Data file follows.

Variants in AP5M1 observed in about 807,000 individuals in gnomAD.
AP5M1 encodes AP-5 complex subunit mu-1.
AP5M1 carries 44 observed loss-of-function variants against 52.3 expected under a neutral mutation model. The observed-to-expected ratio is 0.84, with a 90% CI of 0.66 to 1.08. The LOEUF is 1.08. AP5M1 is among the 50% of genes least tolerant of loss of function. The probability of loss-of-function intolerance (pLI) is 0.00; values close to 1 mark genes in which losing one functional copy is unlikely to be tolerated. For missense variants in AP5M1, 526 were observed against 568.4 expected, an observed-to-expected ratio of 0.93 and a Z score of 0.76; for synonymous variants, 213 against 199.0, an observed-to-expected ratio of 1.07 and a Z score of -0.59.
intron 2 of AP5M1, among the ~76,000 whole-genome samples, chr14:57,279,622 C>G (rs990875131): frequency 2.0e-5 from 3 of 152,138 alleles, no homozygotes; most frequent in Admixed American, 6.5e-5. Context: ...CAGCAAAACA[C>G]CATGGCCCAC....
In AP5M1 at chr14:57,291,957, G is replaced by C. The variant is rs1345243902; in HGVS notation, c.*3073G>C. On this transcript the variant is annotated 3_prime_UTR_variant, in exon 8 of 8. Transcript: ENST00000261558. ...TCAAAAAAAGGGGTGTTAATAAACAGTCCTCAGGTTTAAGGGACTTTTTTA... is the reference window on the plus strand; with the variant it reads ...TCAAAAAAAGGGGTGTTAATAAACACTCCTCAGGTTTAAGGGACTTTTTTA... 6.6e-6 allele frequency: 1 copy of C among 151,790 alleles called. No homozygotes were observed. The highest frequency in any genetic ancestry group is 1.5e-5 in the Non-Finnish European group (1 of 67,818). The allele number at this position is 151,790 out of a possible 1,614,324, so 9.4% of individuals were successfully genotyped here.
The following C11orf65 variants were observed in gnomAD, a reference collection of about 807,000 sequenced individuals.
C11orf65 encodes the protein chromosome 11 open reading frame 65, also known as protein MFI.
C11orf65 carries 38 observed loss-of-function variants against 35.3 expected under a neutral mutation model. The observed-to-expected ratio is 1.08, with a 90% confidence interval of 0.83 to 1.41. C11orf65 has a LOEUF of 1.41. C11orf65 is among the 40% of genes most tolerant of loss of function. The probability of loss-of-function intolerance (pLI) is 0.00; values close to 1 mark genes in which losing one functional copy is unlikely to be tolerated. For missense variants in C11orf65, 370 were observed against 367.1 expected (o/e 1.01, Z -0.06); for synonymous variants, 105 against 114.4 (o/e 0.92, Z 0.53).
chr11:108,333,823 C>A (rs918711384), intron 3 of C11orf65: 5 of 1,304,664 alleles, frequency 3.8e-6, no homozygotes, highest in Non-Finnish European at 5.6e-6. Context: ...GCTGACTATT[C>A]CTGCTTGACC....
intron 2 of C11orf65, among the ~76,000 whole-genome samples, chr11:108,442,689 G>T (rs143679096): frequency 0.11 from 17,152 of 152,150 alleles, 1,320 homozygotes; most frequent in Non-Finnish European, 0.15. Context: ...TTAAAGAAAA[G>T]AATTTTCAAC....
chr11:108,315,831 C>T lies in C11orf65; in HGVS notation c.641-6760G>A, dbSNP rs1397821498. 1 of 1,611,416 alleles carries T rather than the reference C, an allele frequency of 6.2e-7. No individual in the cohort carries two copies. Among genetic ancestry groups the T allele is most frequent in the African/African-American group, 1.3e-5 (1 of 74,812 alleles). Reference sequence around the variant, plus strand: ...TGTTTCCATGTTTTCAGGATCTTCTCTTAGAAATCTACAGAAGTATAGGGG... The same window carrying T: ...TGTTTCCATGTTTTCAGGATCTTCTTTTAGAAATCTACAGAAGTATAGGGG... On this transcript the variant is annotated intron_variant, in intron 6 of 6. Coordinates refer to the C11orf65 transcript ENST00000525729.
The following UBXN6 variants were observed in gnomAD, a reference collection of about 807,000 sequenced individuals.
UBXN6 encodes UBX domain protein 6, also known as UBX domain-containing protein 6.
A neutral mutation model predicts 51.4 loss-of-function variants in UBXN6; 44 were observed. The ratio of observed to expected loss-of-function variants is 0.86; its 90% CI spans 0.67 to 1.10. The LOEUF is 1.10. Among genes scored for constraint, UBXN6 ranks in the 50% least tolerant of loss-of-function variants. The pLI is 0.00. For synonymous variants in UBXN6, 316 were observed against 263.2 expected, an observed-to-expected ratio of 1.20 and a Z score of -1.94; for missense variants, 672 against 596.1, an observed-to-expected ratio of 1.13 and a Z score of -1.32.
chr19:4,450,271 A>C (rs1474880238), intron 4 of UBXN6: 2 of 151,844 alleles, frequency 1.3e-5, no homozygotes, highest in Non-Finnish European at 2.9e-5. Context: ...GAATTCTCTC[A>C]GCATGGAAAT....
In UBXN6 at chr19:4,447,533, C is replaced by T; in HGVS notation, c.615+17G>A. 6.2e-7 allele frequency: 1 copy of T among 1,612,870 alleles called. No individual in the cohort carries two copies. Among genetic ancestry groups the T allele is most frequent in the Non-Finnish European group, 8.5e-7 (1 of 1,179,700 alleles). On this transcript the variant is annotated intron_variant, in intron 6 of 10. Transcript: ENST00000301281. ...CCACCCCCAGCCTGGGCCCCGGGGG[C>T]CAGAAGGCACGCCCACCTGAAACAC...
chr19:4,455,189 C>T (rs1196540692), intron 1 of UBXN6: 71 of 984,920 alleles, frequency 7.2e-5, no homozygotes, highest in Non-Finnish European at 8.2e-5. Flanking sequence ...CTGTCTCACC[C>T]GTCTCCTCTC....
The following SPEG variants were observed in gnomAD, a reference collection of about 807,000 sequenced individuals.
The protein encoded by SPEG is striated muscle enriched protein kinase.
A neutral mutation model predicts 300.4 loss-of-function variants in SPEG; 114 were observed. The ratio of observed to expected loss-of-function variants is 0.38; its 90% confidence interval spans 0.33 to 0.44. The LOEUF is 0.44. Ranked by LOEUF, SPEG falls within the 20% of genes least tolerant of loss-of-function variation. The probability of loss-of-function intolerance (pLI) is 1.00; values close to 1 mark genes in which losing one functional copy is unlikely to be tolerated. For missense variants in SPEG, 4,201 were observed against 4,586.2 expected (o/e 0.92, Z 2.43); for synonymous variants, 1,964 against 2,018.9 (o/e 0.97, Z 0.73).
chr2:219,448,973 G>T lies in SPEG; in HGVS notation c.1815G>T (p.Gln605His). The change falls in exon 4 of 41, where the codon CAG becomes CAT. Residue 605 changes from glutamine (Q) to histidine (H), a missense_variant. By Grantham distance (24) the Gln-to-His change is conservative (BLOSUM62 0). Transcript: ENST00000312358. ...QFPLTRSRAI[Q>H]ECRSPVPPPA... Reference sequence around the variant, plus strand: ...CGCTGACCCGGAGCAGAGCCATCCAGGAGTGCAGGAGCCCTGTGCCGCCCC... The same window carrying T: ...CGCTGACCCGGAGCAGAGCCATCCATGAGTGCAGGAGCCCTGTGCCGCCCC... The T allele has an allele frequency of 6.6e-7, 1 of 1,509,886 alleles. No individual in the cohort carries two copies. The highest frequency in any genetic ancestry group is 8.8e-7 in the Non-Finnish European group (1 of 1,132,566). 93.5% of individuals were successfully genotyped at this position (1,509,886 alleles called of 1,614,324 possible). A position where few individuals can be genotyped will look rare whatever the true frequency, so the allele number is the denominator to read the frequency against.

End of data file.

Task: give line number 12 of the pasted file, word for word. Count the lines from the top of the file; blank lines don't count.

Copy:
The following UBXN6 variants were observed in gnomAD, a reference collection of about 807,000 sequenced individuals.